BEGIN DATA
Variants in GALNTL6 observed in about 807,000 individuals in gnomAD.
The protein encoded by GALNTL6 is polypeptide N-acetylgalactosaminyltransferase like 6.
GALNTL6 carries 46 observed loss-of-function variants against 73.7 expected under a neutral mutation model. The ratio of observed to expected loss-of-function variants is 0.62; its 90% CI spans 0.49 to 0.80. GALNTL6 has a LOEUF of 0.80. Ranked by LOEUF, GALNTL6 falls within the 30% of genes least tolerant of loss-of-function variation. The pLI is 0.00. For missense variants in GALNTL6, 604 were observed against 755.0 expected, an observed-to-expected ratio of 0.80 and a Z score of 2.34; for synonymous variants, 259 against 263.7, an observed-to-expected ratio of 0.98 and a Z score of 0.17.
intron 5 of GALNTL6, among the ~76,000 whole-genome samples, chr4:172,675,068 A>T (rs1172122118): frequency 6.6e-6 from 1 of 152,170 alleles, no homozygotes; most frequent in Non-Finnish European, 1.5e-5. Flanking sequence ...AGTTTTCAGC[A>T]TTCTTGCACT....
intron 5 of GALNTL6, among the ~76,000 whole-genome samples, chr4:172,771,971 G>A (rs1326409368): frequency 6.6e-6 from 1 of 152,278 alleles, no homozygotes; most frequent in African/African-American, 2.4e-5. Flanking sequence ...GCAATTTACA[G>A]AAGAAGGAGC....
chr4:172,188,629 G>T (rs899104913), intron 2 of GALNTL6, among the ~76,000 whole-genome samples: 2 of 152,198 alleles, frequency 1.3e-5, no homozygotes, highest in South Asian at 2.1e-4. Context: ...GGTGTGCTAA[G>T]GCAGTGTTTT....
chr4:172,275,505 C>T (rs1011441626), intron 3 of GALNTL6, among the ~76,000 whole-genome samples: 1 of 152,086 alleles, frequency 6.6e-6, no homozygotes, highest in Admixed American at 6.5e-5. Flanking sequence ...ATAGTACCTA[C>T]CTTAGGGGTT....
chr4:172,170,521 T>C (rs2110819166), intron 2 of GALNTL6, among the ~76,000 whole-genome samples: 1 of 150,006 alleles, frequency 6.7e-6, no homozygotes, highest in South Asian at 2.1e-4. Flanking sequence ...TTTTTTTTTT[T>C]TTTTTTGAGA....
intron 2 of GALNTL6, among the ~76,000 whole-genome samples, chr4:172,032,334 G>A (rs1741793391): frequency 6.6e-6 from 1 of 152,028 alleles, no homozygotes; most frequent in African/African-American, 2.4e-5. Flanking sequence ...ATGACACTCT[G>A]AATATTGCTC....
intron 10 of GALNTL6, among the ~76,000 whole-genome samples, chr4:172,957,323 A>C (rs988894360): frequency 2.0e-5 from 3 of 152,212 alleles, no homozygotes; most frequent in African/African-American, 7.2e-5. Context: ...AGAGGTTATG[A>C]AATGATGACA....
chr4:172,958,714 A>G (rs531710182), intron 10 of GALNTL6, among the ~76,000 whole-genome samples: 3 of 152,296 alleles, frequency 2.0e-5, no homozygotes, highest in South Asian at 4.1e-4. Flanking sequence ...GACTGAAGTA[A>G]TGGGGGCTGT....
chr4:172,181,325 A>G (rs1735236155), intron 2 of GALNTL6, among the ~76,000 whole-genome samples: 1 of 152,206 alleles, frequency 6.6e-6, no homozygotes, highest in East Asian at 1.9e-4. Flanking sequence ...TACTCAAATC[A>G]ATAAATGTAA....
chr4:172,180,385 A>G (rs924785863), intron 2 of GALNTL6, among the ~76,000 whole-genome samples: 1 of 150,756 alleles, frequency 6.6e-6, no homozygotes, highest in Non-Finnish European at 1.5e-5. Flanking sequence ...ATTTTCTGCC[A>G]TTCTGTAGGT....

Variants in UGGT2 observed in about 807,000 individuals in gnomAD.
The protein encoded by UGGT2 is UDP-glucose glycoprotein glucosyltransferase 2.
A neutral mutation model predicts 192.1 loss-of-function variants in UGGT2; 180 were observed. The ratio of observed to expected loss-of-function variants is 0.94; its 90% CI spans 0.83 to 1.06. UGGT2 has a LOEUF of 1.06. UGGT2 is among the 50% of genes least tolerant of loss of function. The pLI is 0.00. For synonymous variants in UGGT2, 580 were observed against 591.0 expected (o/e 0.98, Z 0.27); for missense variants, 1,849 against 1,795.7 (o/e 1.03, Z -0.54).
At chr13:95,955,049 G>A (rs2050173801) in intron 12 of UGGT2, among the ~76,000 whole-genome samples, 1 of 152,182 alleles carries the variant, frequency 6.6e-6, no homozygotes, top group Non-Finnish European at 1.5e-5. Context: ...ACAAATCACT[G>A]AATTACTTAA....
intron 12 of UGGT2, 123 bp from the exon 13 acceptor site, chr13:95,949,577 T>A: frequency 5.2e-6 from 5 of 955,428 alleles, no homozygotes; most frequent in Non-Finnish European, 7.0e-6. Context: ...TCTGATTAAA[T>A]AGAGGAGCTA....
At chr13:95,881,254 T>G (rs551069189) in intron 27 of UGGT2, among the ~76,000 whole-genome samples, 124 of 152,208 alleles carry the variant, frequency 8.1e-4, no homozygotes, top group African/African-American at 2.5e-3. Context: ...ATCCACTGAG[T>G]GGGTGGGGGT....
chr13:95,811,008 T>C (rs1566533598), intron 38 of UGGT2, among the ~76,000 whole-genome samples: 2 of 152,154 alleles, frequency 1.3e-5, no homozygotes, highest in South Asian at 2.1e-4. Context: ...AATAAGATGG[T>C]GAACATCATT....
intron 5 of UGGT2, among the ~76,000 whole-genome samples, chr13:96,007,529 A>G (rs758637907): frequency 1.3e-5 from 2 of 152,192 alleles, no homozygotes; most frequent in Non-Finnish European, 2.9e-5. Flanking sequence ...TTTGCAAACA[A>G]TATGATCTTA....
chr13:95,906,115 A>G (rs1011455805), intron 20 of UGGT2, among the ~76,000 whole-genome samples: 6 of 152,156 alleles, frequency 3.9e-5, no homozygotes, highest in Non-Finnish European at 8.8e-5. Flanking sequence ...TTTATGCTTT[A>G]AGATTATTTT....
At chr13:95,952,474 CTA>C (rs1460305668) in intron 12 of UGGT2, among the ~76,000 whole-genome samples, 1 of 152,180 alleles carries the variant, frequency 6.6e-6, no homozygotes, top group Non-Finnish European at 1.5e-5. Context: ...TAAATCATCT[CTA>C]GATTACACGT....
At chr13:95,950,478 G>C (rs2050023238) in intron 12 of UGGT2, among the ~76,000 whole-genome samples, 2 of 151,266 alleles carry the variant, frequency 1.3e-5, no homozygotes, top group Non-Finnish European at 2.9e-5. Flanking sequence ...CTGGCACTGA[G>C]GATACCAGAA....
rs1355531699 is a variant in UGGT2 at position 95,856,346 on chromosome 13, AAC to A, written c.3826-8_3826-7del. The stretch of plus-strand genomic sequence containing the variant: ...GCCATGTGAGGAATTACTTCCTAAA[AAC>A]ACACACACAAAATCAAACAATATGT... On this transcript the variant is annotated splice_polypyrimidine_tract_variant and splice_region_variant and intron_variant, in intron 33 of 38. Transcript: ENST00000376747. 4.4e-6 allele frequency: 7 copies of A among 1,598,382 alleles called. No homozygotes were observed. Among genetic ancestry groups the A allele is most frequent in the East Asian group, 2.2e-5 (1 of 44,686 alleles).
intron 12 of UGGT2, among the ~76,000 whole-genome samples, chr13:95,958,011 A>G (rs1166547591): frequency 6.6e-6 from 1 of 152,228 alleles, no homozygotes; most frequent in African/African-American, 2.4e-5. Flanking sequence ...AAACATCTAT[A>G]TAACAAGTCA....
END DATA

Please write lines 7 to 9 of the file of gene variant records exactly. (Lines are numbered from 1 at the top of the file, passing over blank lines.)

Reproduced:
chr4:172,275,505 C>T (rs1011441626), intron 3 of GALNTL6, among the ~76,000 whole-genome samples: 1 of 152,086 alleles, frequency 6.6e-6, no homozygotes, highest in Admixed American at 6.5e-5. Flanking sequence ...ATAGTACCTA[C>T]CTTAGGGGTT....
chr4:172,170,521 T>C (rs2110819166), intron 2 of GALNTL6, among the ~76,000 whole-genome samples: 1 of 150,006 alleles, frequency 6.7e-6, no homozygotes, highest in South Asian at 2.1e-4. Flanking sequence ...TTTTTTTTTT[T>C]TTTTTTGAGA....
intron 2 of GALNTL6, among the ~76,000 whole-genome samples, chr4:172,032,334 G>A (rs1741793391): frequency 6.6e-6 from 1 of 152,028 alleles, no homozygotes; most frequent in African/African-American, 2.4e-5. Flanking sequence ...ATGACACTCT[G>A]AATATTGCTC....